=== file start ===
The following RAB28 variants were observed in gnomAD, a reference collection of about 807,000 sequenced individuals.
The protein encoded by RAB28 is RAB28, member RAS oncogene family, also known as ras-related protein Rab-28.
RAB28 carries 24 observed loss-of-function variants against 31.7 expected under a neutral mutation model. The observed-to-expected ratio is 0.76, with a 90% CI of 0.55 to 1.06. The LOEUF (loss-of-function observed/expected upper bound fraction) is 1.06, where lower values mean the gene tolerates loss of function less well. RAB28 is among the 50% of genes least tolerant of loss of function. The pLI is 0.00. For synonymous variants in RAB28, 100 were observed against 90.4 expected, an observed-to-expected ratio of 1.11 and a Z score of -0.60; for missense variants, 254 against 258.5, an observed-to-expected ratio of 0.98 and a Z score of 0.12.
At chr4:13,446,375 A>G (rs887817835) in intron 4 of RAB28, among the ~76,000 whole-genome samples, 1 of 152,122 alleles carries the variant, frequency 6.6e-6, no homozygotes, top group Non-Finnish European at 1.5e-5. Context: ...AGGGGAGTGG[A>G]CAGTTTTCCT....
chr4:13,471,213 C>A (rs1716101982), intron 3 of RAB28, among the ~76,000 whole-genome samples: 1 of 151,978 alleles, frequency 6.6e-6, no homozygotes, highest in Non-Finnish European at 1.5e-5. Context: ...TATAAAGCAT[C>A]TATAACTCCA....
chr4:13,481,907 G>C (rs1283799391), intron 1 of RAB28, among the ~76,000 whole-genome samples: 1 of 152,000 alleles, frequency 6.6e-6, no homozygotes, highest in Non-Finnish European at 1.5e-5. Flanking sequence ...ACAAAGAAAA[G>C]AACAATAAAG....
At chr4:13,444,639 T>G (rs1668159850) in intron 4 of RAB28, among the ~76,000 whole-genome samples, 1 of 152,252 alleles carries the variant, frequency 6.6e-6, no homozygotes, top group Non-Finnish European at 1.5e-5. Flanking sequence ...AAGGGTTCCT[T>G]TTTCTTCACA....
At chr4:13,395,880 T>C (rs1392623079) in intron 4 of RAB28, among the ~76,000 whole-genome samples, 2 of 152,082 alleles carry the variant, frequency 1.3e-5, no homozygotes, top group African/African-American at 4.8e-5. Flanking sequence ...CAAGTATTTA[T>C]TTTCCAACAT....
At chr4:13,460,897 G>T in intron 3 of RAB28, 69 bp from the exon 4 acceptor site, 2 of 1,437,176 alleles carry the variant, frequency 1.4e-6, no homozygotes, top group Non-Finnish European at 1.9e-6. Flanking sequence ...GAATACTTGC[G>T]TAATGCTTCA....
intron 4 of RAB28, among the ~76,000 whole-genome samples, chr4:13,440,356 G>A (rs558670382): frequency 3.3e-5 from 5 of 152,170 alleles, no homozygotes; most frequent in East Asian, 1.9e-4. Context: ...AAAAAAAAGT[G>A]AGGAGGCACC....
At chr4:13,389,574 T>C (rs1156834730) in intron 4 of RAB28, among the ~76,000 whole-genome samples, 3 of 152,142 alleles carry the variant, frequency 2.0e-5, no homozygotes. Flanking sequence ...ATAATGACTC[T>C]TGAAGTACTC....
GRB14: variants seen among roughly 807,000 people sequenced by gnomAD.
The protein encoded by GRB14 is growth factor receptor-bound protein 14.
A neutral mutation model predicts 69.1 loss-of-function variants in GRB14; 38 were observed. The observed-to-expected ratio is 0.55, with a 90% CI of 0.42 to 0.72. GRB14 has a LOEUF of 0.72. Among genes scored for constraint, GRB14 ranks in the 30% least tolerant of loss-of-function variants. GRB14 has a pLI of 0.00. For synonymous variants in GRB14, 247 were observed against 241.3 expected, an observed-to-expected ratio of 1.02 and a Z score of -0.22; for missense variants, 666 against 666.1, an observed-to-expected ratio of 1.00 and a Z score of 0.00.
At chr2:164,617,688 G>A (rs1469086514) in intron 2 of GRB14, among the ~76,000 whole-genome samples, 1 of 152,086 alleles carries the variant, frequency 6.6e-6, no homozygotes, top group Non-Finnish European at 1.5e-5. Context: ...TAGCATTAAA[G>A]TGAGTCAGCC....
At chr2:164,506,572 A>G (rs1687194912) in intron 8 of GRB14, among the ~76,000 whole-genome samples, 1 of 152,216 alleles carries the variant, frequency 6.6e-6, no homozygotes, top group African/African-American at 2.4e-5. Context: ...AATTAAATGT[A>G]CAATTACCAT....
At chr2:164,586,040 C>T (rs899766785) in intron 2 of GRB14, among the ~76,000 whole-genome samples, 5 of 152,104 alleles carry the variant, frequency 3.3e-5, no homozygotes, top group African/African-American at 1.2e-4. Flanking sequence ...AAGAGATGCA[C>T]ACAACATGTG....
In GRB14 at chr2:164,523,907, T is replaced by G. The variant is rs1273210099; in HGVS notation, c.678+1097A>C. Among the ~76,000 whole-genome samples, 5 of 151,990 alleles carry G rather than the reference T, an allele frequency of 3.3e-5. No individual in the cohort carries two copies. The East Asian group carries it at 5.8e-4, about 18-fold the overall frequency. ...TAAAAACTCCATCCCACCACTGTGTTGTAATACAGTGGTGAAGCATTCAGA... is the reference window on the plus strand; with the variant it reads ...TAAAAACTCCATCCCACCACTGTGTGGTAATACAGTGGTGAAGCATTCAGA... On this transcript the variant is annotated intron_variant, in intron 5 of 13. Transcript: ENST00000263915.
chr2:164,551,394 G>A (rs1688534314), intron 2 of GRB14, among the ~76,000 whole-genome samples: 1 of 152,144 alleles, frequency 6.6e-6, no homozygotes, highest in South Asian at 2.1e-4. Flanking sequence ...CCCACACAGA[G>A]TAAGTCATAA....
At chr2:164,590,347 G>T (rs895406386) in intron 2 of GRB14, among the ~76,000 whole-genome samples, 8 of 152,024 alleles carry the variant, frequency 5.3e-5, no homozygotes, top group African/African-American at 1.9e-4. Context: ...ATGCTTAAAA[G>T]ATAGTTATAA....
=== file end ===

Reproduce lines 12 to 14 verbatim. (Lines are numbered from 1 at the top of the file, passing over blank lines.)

GRB14: variants seen among roughly 807,000 people sequenced by gnomAD.
The protein encoded by GRB14 is growth factor receptor-bound protein 14.
A neutral mutation model predicts 69.1 loss-of-function variants in GRB14; 38 were observed. The observed-to-expected ratio is 0.55, with a 90% CI of 0.42 to 0.72. GRB14 has a LOEUF of 0.72. Among genes scored for constraint, GRB14 ranks in the 30% least tolerant of loss-of-function variants. GRB14 has a pLI of 0.00. For synonymous variants in GRB14, 247 were observed against 241.3 expected, an observed-to-expected ratio of 1.02 and a Z score of -0.22; for missense variants, 666 against 666.1, an observed-to-expected ratio of 1.00 and a Z score of 0.00.